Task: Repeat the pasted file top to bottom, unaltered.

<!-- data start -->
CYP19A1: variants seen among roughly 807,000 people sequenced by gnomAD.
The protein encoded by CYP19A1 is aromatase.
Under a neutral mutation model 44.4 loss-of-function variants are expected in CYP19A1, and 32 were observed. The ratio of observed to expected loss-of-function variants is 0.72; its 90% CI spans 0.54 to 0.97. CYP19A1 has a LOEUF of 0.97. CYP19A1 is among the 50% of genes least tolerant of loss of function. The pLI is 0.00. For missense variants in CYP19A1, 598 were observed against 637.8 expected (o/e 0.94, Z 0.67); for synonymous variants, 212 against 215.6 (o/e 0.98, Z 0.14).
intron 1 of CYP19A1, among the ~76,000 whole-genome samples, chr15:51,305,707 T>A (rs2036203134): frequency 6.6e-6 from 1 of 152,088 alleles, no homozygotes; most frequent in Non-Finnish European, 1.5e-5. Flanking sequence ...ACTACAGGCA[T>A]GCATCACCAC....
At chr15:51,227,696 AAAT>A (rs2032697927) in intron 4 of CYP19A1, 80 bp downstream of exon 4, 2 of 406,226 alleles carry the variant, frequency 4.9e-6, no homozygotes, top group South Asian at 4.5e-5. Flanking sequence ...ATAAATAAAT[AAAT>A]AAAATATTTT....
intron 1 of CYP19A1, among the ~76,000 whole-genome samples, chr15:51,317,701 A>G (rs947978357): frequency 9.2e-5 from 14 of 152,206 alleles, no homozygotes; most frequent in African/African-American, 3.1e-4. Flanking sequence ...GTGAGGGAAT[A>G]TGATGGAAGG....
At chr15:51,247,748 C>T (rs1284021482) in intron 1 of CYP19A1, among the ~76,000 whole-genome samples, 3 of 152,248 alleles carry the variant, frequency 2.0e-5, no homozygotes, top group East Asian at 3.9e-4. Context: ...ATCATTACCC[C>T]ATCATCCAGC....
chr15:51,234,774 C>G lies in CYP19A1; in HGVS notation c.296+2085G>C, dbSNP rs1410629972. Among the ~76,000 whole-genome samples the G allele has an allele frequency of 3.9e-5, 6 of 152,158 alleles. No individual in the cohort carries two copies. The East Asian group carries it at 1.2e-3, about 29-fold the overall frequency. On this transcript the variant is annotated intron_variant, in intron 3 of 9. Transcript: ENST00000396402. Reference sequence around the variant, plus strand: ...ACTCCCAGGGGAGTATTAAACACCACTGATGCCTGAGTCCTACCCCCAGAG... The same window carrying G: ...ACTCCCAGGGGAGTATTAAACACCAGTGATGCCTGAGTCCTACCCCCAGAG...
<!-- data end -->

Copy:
CYP19A1: variants seen among roughly 807,000 people sequenced by gnomAD.
The protein encoded by CYP19A1 is aromatase.
Under a neutral mutation model 44.4 loss-of-function variants are expected in CYP19A1, and 32 were observed. The ratio of observed to expected loss-of-function variants is 0.72; its 90% CI spans 0.54 to 0.97. CYP19A1 has a LOEUF of 0.97. CYP19A1 is among the 50% of genes least tolerant of loss of function. The pLI is 0.00. For missense variants in CYP19A1, 598 were observed against 637.8 expected (o/e 0.94, Z 0.67); for synonymous variants, 212 against 215.6 (o/e 0.98, Z 0.14).
intron 1 of CYP19A1, among the ~76,000 whole-genome samples, chr15:51,305,707 T>A (rs2036203134): frequency 6.6e-6 from 1 of 152,088 alleles, no homozygotes; most frequent in Non-Finnish European, 1.5e-5. Flanking sequence ...ACTACAGGCA[T>A]GCATCACCAC....
At chr15:51,227,696 AAAT>A (rs2032697927) in intron 4 of CYP19A1, 80 bp downstream of exon 4, 2 of 406,226 alleles carry the variant, frequency 4.9e-6, no homozygotes, top group South Asian at 4.5e-5. Flanking sequence ...ATAAATAAAT[AAAT>A]AAAATATTTT....
intron 1 of CYP19A1, among the ~76,000 whole-genome samples, chr15:51,317,701 A>G (rs947978357): frequency 9.2e-5 from 14 of 152,206 alleles, no homozygotes; most frequent in African/African-American, 3.1e-4. Flanking sequence ...GTGAGGGAAT[A>G]TGATGGAAGG....
At chr15:51,247,748 C>T (rs1284021482) in intron 1 of CYP19A1, among the ~76,000 whole-genome samples, 3 of 152,248 alleles carry the variant, frequency 2.0e-5, no homozygotes, top group East Asian at 3.9e-4. Context: ...ATCATTACCC[C>T]ATCATCCAGC....
chr15:51,234,774 C>G lies in CYP19A1; in HGVS notation c.296+2085G>C, dbSNP rs1410629972. Among the ~76,000 whole-genome samples the G allele has an allele frequency of 3.9e-5, 6 of 152,158 alleles. No individual in the cohort carries two copies. The East Asian group carries it at 1.2e-3, about 29-fold the overall frequency. On this transcript the variant is annotated intron_variant, in intron 3 of 9. Transcript: ENST00000396402. Reference sequence around the variant, plus strand: ...ACTCCCAGGGGAGTATTAAACACCACTGATGCCTGAGTCCTACCCCCAGAG... The same window carrying G: ...ACTCCCAGGGGAGTATTAAACACCAGTGATGCCTGAGTCCTACCCCCAGAG...